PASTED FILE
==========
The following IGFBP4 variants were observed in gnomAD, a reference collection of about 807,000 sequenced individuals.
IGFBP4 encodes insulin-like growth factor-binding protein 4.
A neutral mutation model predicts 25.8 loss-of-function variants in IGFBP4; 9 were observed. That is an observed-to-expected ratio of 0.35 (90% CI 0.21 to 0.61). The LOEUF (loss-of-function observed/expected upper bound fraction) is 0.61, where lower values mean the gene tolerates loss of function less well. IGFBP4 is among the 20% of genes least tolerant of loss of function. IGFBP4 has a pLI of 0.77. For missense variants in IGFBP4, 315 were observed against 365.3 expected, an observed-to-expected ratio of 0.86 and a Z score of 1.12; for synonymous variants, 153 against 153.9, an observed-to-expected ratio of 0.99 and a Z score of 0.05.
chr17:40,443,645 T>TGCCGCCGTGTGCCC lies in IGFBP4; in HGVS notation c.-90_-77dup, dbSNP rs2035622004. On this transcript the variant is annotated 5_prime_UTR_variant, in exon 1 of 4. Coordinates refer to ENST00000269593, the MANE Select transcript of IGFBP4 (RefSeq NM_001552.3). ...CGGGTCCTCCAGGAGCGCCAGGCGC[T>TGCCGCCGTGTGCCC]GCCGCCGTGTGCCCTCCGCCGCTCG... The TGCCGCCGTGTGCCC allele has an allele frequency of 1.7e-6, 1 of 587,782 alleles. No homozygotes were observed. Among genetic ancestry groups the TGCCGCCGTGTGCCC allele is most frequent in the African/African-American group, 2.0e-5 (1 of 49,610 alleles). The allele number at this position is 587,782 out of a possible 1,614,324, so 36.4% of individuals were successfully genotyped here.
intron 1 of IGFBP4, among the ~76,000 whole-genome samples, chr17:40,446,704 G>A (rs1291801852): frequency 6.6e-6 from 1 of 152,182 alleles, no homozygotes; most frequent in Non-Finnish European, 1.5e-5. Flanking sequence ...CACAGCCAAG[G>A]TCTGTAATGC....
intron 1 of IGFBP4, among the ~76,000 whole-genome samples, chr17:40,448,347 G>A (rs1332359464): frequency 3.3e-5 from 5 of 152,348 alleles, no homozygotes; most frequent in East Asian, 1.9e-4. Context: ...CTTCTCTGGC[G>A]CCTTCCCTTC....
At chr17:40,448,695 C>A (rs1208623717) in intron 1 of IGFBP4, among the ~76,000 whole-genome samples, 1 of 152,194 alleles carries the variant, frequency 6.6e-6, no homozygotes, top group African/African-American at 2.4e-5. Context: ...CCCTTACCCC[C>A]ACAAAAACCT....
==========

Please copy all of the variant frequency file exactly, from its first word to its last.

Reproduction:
The following IGFBP4 variants were observed in gnomAD, a reference collection of about 807,000 sequenced individuals.
IGFBP4 encodes insulin-like growth factor-binding protein 4.
A neutral mutation model predicts 25.8 loss-of-function variants in IGFBP4; 9 were observed. That is an observed-to-expected ratio of 0.35 (90% CI 0.21 to 0.61). The LOEUF (loss-of-function observed/expected upper bound fraction) is 0.61, where lower values mean the gene tolerates loss of function less well. IGFBP4 is among the 20% of genes least tolerant of loss of function. IGFBP4 has a pLI of 0.77. For missense variants in IGFBP4, 315 were observed against 365.3 expected, an observed-to-expected ratio of 0.86 and a Z score of 1.12; for synonymous variants, 153 against 153.9, an observed-to-expected ratio of 0.99 and a Z score of 0.05.
chr17:40,443,645 T>TGCCGCCGTGTGCCC lies in IGFBP4; in HGVS notation c.-90_-77dup, dbSNP rs2035622004. On this transcript the variant is annotated 5_prime_UTR_variant, in exon 1 of 4. Coordinates refer to ENST00000269593, the MANE Select transcript of IGFBP4 (RefSeq NM_001552.3). ...CGGGTCCTCCAGGAGCGCCAGGCGC[T>TGCCGCCGTGTGCCC]GCCGCCGTGTGCCCTCCGCCGCTCG... The TGCCGCCGTGTGCCC allele has an allele frequency of 1.7e-6, 1 of 587,782 alleles. No homozygotes were observed. Among genetic ancestry groups the TGCCGCCGTGTGCCC allele is most frequent in the African/African-American group, 2.0e-5 (1 of 49,610 alleles). The allele number at this position is 587,782 out of a possible 1,614,324, so 36.4% of individuals were successfully genotyped here.
intron 1 of IGFBP4, among the ~76,000 whole-genome samples, chr17:40,446,704 G>A (rs1291801852): frequency 6.6e-6 from 1 of 152,182 alleles, no homozygotes; most frequent in Non-Finnish European, 1.5e-5. Flanking sequence ...CACAGCCAAG[G>A]TCTGTAATGC....
intron 1 of IGFBP4, among the ~76,000 whole-genome samples, chr17:40,448,347 G>A (rs1332359464): frequency 3.3e-5 from 5 of 152,348 alleles, no homozygotes; most frequent in East Asian, 1.9e-4. Context: ...CTTCTCTGGC[G>A]CCTTCCCTTC....
At chr17:40,448,695 C>A (rs1208623717) in intron 1 of IGFBP4, among the ~76,000 whole-genome samples, 1 of 152,194 alleles carries the variant, frequency 6.6e-6, no homozygotes, top group African/African-American at 2.4e-5. Context: ...CCCTTACCCC[C>A]ACAAAAACCT....